Potty Training your child can be a daunting task. Here are a few tips to help you accomplish the job successfully!
Potty Training Do’s:
- Watch for signs that your children are ready. They may show interest in the potty, ask to be changed after they eliminate, or can tell you when they are eliminating.
- Write down when your child normally pees and poops during the day for a week. This will help you determine an appropriate schedule.
- Find success with peeing on the potty first, so increase the fluids! Pooping usually is secondary.
- No more diapers, except for night time! The only way the child can begin to pair the behavior with the sensation of eliminating is to immediately feel it!
- Get the school and day care on board.
- Create a personalized story about using the potty. Use pictures of the child engaging in the routine. Review the story every day and while he/she is using the potty.
- Create a regular potty schedule that is based on your child’s elimination routine. Use a timer, a fun vibrating watch for the child, or alarm clock to signal that it is time.
- Have a potty party! Keep highly motivating items (e.g., portable DVD player) only in the bathroom. The only way they can have access to these items is by sitting on the potty.
- If your child has an accident, have him/her sit on the potty and help with the clean up (e.g., put clothes in the laundry).
- If your child is scared of the potty, try the following: A. reward her/him for engaging in small steps (e.g., going into the bathroom and leaving immediately, touching the toilet, sitting on the toilet with their pants on, standing next to the toilet with their pants down, etc.). B. Keep a small potty in a safe area (e.g., living room). Slowly begin to move the potty into the bathroom.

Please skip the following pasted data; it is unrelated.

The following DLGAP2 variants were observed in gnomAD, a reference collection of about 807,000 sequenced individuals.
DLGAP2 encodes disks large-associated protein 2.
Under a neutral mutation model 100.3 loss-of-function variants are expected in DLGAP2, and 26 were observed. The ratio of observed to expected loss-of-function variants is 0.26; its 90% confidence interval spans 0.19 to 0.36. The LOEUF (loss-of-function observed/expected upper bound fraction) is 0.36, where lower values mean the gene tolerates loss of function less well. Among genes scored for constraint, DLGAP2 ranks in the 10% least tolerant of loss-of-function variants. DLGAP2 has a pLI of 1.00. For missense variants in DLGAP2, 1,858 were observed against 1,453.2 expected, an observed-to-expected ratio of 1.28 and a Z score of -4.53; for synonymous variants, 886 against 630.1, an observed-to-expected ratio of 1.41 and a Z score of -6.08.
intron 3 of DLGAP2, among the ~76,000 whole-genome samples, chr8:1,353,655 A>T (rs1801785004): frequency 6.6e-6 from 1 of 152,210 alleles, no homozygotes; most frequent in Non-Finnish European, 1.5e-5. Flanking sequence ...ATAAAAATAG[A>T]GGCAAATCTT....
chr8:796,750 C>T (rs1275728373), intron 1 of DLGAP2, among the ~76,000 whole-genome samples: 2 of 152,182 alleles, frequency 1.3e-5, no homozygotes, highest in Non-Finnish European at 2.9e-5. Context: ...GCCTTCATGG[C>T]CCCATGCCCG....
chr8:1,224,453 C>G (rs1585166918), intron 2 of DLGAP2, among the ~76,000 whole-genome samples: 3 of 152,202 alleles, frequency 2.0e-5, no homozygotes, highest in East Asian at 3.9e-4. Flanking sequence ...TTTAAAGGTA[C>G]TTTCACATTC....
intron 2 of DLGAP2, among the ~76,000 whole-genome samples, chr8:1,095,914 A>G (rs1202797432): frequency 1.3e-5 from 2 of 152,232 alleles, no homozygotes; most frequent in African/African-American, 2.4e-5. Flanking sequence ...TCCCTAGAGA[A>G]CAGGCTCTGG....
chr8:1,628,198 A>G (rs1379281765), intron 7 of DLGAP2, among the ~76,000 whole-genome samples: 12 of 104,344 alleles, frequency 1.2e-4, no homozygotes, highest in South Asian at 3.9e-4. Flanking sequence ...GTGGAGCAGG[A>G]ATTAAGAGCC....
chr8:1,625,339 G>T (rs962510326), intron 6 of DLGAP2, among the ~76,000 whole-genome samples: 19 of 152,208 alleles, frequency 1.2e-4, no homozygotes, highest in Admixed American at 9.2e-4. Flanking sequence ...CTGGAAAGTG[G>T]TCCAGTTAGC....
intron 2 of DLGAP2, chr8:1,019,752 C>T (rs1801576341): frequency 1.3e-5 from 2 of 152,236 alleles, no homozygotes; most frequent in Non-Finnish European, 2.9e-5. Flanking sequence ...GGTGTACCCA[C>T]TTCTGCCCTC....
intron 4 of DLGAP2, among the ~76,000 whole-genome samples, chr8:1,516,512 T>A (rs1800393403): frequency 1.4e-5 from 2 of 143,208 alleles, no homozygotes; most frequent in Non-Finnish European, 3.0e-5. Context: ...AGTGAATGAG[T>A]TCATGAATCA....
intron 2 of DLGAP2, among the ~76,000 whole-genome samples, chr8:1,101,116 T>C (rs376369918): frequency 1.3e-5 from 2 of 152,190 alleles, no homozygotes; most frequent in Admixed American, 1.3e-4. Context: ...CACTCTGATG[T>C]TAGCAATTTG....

Potty Training Don’t’s:
- Don’t make it a battle. If they are upset, calmly tell them it’s time to use the potty and remind them of what they are working for (e.g., portable DVD player). Do not provide a lot of attention and attempt to wait until they comply with the direction.
- Do not let the child escape using the potty with their behavior. If the direction was given, you must follow through.
- Do not use time outs when your child tantrums about using the bathroom. They will be escaping the demand.
- Do not expect that your child will quickly begin to ask for the bathroom. The first goal is to just catch them eliminating by using an individualized schedule.
- Do not use “pull ups” or any type of underwear that will absorb fluids.
- Do not reprimand children for having an accident. Calmly tell them, “You pee and poop on the potty”.
- Don’t expect night time potty training immediately. But if you are attempting to potty train at night, do not give fluids before bed time.
- Don’t give into the pressure. Children will learn in their own time. Potty training should occur for typical developing children by the age of four.
- Don’t start potty training in a time of stress (e.g., moving, divorce, etc.).
- Don’t set a deadline (e.g., potty training in a day). Some children are able to accomplish this task in a day. Other children may have fears that need to be addressed that can not be accomplished in one day.
Most importantly, if you find the task to be overwhelming or too stressful for you and or your child, don’t be afraid to ask a Potty Training Expert.